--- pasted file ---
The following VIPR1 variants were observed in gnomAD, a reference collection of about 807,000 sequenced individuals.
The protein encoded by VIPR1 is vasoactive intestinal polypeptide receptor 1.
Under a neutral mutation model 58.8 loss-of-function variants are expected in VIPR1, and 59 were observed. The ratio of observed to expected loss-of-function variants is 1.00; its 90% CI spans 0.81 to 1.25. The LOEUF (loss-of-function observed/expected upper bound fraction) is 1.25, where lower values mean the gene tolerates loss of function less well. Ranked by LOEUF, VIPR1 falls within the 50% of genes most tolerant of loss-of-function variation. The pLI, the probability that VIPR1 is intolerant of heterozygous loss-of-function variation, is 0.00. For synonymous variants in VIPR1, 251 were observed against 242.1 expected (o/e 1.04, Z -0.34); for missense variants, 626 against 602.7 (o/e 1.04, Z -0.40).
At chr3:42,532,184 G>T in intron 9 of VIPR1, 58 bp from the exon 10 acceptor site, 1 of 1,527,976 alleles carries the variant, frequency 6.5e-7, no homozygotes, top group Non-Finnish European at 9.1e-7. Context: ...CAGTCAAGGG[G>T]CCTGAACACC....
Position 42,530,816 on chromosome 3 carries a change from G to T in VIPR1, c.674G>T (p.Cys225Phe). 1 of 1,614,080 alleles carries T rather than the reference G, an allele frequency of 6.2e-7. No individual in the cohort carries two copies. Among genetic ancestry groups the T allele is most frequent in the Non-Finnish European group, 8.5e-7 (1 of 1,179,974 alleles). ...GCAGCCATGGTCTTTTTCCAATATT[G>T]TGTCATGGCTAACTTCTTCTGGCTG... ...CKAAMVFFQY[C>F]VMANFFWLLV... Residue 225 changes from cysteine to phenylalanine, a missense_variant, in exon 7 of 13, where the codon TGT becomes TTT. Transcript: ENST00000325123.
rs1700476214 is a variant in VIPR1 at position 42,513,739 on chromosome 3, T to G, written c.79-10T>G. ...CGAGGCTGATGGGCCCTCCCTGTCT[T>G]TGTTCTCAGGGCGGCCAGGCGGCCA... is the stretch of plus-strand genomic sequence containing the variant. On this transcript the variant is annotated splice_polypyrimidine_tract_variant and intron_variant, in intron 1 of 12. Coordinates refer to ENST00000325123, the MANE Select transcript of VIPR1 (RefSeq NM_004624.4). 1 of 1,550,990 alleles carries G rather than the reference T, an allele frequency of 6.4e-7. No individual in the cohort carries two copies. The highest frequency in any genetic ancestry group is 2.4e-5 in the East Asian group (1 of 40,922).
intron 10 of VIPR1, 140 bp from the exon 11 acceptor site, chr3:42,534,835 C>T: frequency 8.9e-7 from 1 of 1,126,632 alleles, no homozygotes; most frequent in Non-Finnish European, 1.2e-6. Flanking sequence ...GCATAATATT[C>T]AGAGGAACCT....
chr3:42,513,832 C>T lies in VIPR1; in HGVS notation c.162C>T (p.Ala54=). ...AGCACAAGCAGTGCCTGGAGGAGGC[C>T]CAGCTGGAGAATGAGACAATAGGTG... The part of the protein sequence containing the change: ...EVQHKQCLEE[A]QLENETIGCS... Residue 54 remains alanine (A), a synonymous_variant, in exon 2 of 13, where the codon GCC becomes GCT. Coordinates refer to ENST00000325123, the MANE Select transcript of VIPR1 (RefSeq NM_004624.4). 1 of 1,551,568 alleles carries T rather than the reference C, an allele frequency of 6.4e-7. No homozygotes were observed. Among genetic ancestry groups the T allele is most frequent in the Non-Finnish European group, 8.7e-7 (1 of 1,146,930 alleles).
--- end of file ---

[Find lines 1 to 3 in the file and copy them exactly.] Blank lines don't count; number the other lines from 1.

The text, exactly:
The following VIPR1 variants were observed in gnomAD, a reference collection of about 807,000 sequenced individuals.
The protein encoded by VIPR1 is vasoactive intestinal polypeptide receptor 1.
Under a neutral mutation model 58.8 loss-of-function variants are expected in VIPR1, and 59 were observed. The ratio of observed to expected loss-of-function variants is 1.00; its 90% CI spans 0.81 to 1.25. The LOEUF (loss-of-function observed/expected upper bound fraction) is 1.25, where lower values mean the gene tolerates loss of function less well. Ranked by LOEUF, VIPR1 falls within the 50% of genes most tolerant of loss-of-function variation. The pLI, the probability that VIPR1 is intolerant of heterozygous loss-of-function variation, is 0.00. For synonymous variants in VIPR1, 251 were observed against 242.1 expected (o/e 1.04, Z -0.34); for missense variants, 626 against 602.7 (o/e 1.04, Z -0.40).